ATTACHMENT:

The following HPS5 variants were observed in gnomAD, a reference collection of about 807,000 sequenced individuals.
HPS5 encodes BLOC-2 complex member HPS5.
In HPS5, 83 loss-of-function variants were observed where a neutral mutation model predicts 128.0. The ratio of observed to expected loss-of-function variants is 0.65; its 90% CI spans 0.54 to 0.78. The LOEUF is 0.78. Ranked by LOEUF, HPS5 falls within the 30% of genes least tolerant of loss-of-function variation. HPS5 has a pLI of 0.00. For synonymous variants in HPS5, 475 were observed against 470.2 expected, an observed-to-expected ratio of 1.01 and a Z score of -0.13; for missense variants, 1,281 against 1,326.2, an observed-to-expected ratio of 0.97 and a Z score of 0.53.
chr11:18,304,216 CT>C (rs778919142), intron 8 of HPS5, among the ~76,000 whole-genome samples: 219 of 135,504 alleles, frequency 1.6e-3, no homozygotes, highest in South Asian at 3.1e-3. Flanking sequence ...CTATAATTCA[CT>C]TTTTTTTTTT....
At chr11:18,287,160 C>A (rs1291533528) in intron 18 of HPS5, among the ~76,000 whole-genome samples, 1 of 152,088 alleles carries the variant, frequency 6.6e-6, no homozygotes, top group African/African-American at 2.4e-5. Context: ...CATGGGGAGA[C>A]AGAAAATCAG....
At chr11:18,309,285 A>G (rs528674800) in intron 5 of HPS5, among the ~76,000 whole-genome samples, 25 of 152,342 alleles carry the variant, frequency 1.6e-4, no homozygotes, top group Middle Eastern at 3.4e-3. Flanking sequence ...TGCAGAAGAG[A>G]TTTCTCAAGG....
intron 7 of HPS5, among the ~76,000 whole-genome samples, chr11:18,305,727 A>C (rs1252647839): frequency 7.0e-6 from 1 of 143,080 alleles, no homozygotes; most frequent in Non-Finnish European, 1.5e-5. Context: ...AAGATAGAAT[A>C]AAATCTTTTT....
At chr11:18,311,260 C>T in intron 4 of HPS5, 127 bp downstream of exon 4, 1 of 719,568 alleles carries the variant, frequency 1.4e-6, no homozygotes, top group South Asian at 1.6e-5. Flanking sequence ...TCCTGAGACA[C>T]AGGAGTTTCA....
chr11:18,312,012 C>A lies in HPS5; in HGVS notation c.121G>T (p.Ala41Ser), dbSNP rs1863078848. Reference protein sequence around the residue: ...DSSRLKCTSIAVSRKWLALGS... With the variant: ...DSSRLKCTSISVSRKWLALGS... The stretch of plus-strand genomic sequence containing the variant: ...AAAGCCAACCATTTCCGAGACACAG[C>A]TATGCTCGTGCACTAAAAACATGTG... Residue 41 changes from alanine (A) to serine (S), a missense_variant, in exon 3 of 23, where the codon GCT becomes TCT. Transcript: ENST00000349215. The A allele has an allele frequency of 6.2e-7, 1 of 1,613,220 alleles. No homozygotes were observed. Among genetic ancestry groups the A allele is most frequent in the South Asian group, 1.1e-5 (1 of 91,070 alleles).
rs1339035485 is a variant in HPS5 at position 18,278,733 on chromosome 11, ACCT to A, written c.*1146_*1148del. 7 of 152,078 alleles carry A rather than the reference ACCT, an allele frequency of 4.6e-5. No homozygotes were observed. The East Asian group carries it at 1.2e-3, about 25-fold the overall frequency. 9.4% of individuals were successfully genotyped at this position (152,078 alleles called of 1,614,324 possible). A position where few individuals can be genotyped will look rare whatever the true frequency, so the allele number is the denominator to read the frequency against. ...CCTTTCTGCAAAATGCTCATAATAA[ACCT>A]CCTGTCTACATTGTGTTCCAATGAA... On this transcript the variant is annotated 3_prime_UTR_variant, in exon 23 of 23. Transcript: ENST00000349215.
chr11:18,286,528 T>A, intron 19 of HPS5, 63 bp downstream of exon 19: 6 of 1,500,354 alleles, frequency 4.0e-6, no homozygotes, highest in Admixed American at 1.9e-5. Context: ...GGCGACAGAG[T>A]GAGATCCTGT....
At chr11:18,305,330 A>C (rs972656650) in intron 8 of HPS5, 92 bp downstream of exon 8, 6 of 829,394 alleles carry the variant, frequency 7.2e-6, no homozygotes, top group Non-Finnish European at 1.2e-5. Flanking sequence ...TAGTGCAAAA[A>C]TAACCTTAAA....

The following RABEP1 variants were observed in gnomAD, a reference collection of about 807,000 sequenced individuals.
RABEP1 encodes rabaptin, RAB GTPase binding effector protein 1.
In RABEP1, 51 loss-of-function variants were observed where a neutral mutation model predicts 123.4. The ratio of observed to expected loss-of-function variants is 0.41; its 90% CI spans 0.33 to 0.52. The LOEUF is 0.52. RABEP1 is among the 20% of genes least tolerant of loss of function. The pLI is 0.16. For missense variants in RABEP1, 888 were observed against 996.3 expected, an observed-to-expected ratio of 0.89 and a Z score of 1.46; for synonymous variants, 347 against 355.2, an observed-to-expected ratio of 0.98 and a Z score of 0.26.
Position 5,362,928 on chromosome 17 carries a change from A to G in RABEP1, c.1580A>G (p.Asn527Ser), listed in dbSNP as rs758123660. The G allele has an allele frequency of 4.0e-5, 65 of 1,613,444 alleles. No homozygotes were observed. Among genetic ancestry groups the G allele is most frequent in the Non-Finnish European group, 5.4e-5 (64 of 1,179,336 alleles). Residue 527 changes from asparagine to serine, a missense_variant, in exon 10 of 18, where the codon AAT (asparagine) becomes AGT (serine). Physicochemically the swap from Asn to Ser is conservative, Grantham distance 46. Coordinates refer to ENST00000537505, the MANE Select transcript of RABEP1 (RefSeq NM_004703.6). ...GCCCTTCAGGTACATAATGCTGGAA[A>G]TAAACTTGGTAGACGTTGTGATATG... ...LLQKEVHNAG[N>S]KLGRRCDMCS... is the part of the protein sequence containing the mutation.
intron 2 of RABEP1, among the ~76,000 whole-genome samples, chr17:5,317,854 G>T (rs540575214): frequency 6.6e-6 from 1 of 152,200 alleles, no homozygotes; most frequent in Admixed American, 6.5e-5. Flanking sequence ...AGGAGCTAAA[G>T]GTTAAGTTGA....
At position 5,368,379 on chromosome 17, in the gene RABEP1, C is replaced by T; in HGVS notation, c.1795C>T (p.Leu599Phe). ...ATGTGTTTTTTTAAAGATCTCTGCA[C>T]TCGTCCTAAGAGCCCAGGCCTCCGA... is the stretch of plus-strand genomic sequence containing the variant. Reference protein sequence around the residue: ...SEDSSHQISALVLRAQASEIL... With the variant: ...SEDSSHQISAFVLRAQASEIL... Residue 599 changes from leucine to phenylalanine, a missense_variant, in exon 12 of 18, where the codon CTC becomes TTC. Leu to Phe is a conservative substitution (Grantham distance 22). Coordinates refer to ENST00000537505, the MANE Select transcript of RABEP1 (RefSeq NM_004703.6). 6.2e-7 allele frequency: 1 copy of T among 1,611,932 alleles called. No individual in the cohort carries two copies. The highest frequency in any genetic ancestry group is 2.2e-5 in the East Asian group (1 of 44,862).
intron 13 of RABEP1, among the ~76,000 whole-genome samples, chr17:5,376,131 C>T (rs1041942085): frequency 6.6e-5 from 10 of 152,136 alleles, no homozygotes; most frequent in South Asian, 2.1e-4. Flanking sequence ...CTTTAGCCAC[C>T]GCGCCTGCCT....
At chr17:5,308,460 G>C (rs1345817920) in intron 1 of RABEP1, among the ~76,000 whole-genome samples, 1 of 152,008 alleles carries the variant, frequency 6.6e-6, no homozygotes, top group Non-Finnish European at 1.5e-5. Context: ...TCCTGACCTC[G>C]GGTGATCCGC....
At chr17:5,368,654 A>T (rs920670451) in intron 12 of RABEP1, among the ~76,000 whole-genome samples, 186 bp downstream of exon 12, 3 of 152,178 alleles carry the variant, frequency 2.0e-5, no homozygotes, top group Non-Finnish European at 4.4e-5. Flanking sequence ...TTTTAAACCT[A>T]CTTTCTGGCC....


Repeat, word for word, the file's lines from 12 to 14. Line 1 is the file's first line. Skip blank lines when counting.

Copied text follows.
At chr11:18,305,330 A>C (rs972656650) in intron 8 of HPS5, 92 bp downstream of exon 8, 6 of 829,394 alleles carry the variant, frequency 7.2e-6, no homozygotes, top group Non-Finnish European at 1.2e-5. Flanking sequence ...TAGTGCAAAA[A>C]TAACCTTAAA....

The following RABEP1 variants were observed in gnomAD, a reference collection of about 807,000 sequenced individuals.
RABEP1 encodes rabaptin, RAB GTPase binding effector protein 1.